In this article, we’ll explain the strengths of concrete, factors that affect the thickness of the slab, and how to determine what the depth of your driveway should be. We’ll also discuss the use of rebar, wire mesh, and expansion cracks, and how much weight a concrete drive can support. With the information provided, you’ll be able to determine the right concrete thickness for your project. 

Concrete is becoming a popular alternative to asphalt. However, many companies and homeowners still have questions regarding the proper concrete parking lot installation. But, Concrete Contractors of Macon is a trusted company that will help you with your construction project because they are already knowledgeable with the proper guidelines of how thick should a driveway can be.

Furthermore, you can find out the ideal thickness for your concrete parking lot, learn the benefits of choosing concrete and find a local concrete contractor who can provide you with a safe, reliable parking lot for years to come.

Why Choose Concrete For Driveways?

There are five common types of driveways to choose from. In order of expense, there’s grass (or dirt), gravel, asphalt, concrete, and pavers. Asphalt and pavers require a prepared base of compacted material which adds to their cost but improves their longevity. Concrete will also benefit from a prepared base, but in some situations, it isn’t necessary. All driveway choices have strengths and weaknesses.

The grass or dirt track is usually free but sinks and requires regular mowing, grading, and filling, especially in wet or freeze-thaw locations. Gravel is the next option, but it shifts and ruts, requiring raking, grading, and weeding. It also sinks, so expect to add new gravel every 2 to 5 years.

Asphalt is marginally cheaper than concrete. It off-gasses, cracks, sinks, and can even melt and disfigure. The pavement needs regular maintenance and commonly lasts 10 to 30 years if maintained. Asphalt is available in black which fades but can be tinted or sealed in a limited range of colors.

A concrete driveway poured on a proper base is the strongest, longest-lasting, and most durable driveway material available. It requires minimal maintenance, will easily last more than 50 years, and can be finished in different colors, patterns, and textures. Low maintenance, longevity, durability, and strength make concrete the most economical choice in the long run.

Necessary Thickness of Concrete Driveway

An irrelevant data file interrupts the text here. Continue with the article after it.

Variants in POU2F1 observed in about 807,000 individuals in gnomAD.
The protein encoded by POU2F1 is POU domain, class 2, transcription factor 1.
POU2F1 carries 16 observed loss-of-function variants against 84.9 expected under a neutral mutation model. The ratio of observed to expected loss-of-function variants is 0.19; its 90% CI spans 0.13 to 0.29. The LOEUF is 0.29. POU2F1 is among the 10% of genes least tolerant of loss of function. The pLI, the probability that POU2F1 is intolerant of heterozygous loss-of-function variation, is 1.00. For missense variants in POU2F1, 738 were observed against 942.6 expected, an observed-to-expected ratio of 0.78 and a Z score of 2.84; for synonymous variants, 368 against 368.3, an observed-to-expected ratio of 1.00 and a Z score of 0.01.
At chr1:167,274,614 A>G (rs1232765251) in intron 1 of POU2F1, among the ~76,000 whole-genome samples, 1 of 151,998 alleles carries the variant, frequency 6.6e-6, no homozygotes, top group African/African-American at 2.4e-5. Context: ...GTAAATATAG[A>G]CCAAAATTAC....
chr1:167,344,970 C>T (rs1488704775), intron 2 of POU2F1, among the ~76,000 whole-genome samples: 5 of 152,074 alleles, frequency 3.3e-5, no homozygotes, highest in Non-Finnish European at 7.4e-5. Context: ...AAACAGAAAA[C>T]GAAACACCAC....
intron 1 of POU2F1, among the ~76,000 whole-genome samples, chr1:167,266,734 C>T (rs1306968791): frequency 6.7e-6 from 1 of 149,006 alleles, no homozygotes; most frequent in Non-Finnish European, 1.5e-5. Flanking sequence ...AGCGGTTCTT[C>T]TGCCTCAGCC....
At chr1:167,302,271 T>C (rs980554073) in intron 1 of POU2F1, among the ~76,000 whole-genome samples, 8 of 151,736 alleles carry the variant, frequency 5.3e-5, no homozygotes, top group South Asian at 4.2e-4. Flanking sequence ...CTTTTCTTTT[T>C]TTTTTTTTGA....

Concrete isn’t lightweight and often requires support to prevent it from cracking or breaking. Support for concrete comes in two main forms – steel reinforcing for internal support or ground preparation for external support. Undisturbed or compacted soil of an acceptable type works well, as does a compacted base and subbase of crushed stone material.

It is important to determine what the concrete driveway will be used for – cars and half-ton trucks, or RVs, dump trucks, and heavy equipment. The type of load and function help identify the thickness, as does the soil. Another consideration is the budget and what you’re willing to spend.

How Thick Should A Concrete Driveway Be?

The minimum thickness in most codes for a residential driveway is 4-inches of concrete on a prepared base. Using stronger concrete can decrease that to 3” in some areas, although it won’t decrease the cost much if any. A properly prepared base and subbase will increase the driveway thickness by 4” to 8” too.

Increasing the concrete thickness to 5” will add 20% to the cost but increases the strength by potentially 50%. The thicker slab will support more weight and last longer. Slabs 5” or thicker, however, must be reinforced with rebar. Driveways that may experience frequent use by commercial or construction vehicles are commonly 6” thick on a prepared base but may be thicker depending on load expectations.

What is the Average Thickness for Residential Driveway?

Many concrete contractors identify 4” concrete on a 6” to 8” prepared base as the minimum they will install and the average thickness between 5” and 5-1/2”. The average thickness of a residential driveway, including base, ranges from 10” to 12-1/2”. The thicker the concrete and base, the stronger and more durable the driveway.

Parking Heavy Industrial Vehicles

Heavy equipment often requires thicker concrete on a properly prepared base. RVs and busses commonly park on 6” thick pads, while loading docks and dumpster pick-up zones are 12” thick due to the condensed loads. Driveways for commercial or construction equipment commonly are 6” to 8” thick, with the road to drive aprons being 8” to 10”. Sidewalks and curbs across heavy equipment areas frequently are 8” or thicker too. Thicknesses may vary due to local codes, so always check during the planning stage.

The tensile strength of concrete is between 10% and 15% of its compressive strength. So, a 6” thick concrete slab with a compressive strength of 3000 to 4000 psi on a prepared base has a tensile strength between 300 and 600 psi. An 18-wheeler loaded to 75,000-pounds will exert between 30 and 50 psi on the ground, based on the area of tire on the ground. A truck with 10 wheels carrying 40,000-pounds, likewise, would exert approximately 30 psi.

What is the Maximum Thickness?

The isn’t a maximum thickness identified for concrete driveways. The thickness is determined by the use, space available, and budget. Most concrete residential driveways are between 4” and 6” of concrete and commercial drives between 6” and 8”. Concrete highways are currently between 11” and 12” of concrete on a prepared base, so anything thicker than that is overkill.

How Thin Can Concrete Driveway Be?

Most jurisdictions require a minimum of 4” thick concrete for a residential driveway. The thicker the concrete and prepared base, the greater the strength. Although a 3” thick drive is acceptable in some areas, it doesn’t offer the strength to support most passenger vehicles.